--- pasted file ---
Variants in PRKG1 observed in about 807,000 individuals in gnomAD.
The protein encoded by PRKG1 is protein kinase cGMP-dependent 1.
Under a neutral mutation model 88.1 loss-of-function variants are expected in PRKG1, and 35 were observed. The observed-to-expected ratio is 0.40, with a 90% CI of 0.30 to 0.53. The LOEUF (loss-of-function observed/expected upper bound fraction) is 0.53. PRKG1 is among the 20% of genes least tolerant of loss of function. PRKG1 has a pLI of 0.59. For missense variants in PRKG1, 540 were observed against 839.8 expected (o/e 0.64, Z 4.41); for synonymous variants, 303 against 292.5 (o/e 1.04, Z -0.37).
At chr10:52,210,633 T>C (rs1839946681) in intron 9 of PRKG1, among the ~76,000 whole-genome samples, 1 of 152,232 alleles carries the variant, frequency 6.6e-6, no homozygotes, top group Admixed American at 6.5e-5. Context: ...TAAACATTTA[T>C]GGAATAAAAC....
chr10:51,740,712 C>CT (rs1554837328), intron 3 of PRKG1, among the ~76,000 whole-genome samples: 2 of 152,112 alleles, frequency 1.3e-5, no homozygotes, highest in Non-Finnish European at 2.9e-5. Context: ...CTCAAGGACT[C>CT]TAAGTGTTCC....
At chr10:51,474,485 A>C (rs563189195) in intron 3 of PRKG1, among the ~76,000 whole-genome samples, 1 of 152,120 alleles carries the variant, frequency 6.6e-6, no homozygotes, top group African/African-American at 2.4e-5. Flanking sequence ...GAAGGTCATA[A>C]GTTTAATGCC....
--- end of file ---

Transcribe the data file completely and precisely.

Variants in PRKG1 observed in about 807,000 individuals in gnomAD.
The protein encoded by PRKG1 is protein kinase cGMP-dependent 1.
Under a neutral mutation model 88.1 loss-of-function variants are expected in PRKG1, and 35 were observed. The observed-to-expected ratio is 0.40, with a 90% CI of 0.30 to 0.53. The LOEUF (loss-of-function observed/expected upper bound fraction) is 0.53. PRKG1 is among the 20% of genes least tolerant of loss of function. PRKG1 has a pLI of 0.59. For missense variants in PRKG1, 540 were observed against 839.8 expected (o/e 0.64, Z 4.41); for synonymous variants, 303 against 292.5 (o/e 1.04, Z -0.37).
At chr10:52,210,633 T>C (rs1839946681) in intron 9 of PRKG1, among the ~76,000 whole-genome samples, 1 of 152,232 alleles carries the variant, frequency 6.6e-6, no homozygotes, top group Admixed American at 6.5e-5. Context: ...TAAACATTTA[T>C]GGAATAAAAC....
chr10:51,740,712 C>CT (rs1554837328), intron 3 of PRKG1, among the ~76,000 whole-genome samples: 2 of 152,112 alleles, frequency 1.3e-5, no homozygotes, highest in Non-Finnish European at 2.9e-5. Context: ...CTCAAGGACT[C>CT]TAAGTGTTCC....
At chr10:51,474,485 A>C (rs563189195) in intron 3 of PRKG1, among the ~76,000 whole-genome samples, 1 of 152,120 alleles carries the variant, frequency 6.6e-6, no homozygotes, top group African/African-American at 2.4e-5. Flanking sequence ...GAAGGTCATA[A>C]GTTTAATGCC....